Purpose – This article aims to examine lay-persons' views of school food services in Victoria, Australia.
Design/methodology/approach – A cross-sectional postal questionnaire survey of a random sample of electors on the Electoral Roll in Victoria, Australia. Out of 1,000 potential respondents, 377 completed the questionnaire. Main outcome measures included responses to closed questions about foods supplied to children at school using five-point scales. Data analyses included frequency and cross-tabulation analyses, and multivariate analyses of principal component scores by demographic and personal values variables.
Findings – Many respondents were critical of children's school food services but they were generally supportive of food and health education, whilst holding ambivalent attitudes towards snacks and marketing practices.
Research limitations/implications – This was a cross-sectional survey with a relatively low response rate.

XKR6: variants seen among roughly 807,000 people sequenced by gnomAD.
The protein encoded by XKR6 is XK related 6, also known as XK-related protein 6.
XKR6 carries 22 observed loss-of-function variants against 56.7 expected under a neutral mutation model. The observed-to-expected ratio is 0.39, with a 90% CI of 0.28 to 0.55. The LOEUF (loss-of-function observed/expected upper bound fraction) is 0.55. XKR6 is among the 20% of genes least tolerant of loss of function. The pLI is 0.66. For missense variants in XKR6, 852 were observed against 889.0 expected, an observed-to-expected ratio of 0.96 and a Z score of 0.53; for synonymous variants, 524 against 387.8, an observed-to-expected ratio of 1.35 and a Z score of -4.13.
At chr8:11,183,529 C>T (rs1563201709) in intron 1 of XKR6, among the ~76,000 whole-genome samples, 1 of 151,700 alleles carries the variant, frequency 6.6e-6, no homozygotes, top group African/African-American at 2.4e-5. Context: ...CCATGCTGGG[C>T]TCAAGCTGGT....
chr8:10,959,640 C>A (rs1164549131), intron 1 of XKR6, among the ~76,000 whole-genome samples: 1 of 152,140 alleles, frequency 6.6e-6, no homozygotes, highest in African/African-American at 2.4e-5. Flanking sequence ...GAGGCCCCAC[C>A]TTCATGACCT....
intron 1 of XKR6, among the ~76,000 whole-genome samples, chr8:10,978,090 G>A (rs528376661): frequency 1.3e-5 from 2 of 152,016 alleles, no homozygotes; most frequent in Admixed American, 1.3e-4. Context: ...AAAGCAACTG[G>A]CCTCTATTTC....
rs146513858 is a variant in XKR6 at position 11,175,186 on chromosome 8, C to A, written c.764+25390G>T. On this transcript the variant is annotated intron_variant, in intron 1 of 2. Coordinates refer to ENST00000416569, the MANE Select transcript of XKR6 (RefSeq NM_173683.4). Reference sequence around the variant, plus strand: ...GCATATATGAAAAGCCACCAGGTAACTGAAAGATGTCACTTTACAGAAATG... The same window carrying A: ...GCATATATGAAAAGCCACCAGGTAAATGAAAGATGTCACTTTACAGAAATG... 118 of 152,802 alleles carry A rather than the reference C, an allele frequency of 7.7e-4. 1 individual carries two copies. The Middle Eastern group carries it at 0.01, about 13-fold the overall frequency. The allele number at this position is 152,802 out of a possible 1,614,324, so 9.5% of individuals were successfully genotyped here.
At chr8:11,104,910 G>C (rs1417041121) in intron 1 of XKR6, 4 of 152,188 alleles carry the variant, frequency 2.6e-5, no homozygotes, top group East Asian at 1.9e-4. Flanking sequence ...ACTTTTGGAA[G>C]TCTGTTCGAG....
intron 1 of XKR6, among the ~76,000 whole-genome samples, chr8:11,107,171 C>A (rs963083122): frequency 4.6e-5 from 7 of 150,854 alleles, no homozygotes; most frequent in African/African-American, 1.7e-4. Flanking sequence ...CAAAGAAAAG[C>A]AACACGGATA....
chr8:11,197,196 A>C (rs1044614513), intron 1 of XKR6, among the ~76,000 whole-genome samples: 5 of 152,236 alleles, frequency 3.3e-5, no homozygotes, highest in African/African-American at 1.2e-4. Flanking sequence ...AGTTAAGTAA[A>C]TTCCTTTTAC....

Practical implications – Understanding of laypersons' views of children's food services is likely to facilitate nutrition communication and promotion of healthy children's foods.
Originality/value – Lay views of children's food provision have rarely been reported, despite their importance for the support of public nutrition policies. The study identifies likely antecedents of lay people's views.
Reproduced with the kind permission of the copyright owner.
Field of Research
111199 Nutrition and Dietetics not elsewhere classified
Socio Economic Objective
970111 Expanding Knowledge in the Medical and Health Sciences
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